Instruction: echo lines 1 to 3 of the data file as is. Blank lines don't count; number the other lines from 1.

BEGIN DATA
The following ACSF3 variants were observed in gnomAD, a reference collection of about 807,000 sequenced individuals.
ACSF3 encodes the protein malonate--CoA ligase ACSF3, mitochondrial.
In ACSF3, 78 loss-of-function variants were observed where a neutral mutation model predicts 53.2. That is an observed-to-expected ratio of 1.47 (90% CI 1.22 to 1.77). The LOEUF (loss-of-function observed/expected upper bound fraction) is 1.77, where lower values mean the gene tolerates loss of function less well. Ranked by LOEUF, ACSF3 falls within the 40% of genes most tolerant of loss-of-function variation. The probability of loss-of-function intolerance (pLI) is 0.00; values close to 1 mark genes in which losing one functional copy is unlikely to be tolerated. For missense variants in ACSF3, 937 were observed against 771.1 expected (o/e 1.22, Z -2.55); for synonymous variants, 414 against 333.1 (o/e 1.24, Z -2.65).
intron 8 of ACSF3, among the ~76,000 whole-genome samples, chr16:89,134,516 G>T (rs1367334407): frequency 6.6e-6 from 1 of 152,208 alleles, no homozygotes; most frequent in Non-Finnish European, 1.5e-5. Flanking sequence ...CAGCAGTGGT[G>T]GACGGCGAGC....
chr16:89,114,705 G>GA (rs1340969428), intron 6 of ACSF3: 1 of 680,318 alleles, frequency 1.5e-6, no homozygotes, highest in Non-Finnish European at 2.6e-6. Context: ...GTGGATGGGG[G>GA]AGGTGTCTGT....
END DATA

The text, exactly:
The following ACSF3 variants were observed in gnomAD, a reference collection of about 807,000 sequenced individuals.
ACSF3 encodes the protein malonate--CoA ligase ACSF3, mitochondrial.
In ACSF3, 78 loss-of-function variants were observed where a neutral mutation model predicts 53.2. That is an observed-to-expected ratio of 1.47 (90% CI 1.22 to 1.77). The LOEUF (loss-of-function observed/expected upper bound fraction) is 1.77, where lower values mean the gene tolerates loss of function less well. Ranked by LOEUF, ACSF3 falls within the 40% of genes most tolerant of loss-of-function variation. The probability of loss-of-function intolerance (pLI) is 0.00; values close to 1 mark genes in which losing one functional copy is unlikely to be tolerated. For missense variants in ACSF3, 937 were observed against 771.1 expected (o/e 1.22, Z -2.55); for synonymous variants, 414 against 333.1 (o/e 1.24, Z -2.65).